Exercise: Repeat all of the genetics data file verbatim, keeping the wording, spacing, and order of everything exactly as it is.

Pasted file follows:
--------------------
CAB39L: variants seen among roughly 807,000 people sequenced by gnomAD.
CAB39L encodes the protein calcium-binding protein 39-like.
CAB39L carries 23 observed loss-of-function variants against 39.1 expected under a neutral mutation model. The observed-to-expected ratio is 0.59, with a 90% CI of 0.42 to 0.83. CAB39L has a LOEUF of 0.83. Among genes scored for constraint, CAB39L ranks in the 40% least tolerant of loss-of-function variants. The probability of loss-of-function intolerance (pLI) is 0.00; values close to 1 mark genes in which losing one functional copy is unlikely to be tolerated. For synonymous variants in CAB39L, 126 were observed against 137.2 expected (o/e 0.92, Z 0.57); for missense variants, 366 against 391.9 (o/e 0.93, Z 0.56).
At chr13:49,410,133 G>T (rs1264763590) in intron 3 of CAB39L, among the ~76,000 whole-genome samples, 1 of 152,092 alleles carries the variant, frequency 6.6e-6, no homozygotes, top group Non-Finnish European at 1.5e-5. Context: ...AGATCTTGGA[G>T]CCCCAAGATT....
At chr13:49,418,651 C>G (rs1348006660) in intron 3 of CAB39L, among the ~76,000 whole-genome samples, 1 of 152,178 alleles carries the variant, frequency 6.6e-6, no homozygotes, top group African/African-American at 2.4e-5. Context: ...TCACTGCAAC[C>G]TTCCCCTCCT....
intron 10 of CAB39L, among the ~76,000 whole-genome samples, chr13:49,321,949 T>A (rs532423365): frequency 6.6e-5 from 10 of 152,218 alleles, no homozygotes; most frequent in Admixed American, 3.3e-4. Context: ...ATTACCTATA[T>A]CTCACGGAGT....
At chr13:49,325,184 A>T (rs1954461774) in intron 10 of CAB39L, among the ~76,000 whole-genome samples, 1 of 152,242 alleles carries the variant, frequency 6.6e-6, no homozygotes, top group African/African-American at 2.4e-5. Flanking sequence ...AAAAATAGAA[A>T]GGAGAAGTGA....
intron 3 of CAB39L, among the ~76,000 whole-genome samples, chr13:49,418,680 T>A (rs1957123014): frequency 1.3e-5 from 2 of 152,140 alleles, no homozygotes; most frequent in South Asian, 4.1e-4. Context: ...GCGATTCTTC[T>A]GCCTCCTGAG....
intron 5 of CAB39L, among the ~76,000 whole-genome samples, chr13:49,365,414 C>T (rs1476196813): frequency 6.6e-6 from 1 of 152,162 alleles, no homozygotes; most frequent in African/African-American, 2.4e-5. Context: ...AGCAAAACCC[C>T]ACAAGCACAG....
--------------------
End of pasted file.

CAB39L: variants seen among roughly 807,000 people sequenced by gnomAD.
CAB39L encodes the protein calcium-binding protein 39-like.
CAB39L carries 23 observed loss-of-function variants against 39.1 expected under a neutral mutation model. The observed-to-expected ratio is 0.59, with a 90% CI of 0.42 to 0.83. CAB39L has a LOEUF of 0.83. Among genes scored for constraint, CAB39L ranks in the 40% least tolerant of loss-of-function variants. The probability of loss-of-function intolerance (pLI) is 0.00; values close to 1 mark genes in which losing one functional copy is unlikely to be tolerated. For synonymous variants in CAB39L, 126 were observed against 137.2 expected (o/e 0.92, Z 0.57); for missense variants, 366 against 391.9 (o/e 0.93, Z 0.56).
At chr13:49,410,133 G>T (rs1264763590) in intron 3 of CAB39L, among the ~76,000 whole-genome samples, 1 of 152,092 alleles carries the variant, frequency 6.6e-6, no homozygotes, top group Non-Finnish European at 1.5e-5. Context: ...AGATCTTGGA[G>T]CCCCAAGATT....
At chr13:49,418,651 C>G (rs1348006660) in intron 3 of CAB39L, among the ~76,000 whole-genome samples, 1 of 152,178 alleles carries the variant, frequency 6.6e-6, no homozygotes, top group African/African-American at 2.4e-5. Context: ...TCACTGCAAC[C>G]TTCCCCTCCT....
intron 10 of CAB39L, among the ~76,000 whole-genome samples, chr13:49,321,949 T>A (rs532423365): frequency 6.6e-5 from 10 of 152,218 alleles, no homozygotes; most frequent in Admixed American, 3.3e-4. Context: ...ATTACCTATA[T>A]CTCACGGAGT....
At chr13:49,325,184 A>T (rs1954461774) in intron 10 of CAB39L, among the ~76,000 whole-genome samples, 1 of 152,242 alleles carries the variant, frequency 6.6e-6, no homozygotes, top group African/African-American at 2.4e-5. Flanking sequence ...AAAAATAGAA[A>T]GGAGAAGTGA....
intron 3 of CAB39L, among the ~76,000 whole-genome samples, chr13:49,418,680 T>A (rs1957123014): frequency 1.3e-5 from 2 of 152,140 alleles, no homozygotes; most frequent in South Asian, 4.1e-4. Context: ...GCGATTCTTC[T>A]GCCTCCTGAG....
intron 5 of CAB39L, among the ~76,000 whole-genome samples, chr13:49,365,414 C>T (rs1476196813): frequency 6.6e-6 from 1 of 152,162 alleles, no homozygotes; most frequent in African/African-American, 2.4e-5. Context: ...AGCAAAACCC[C>T]ACAAGCACAG....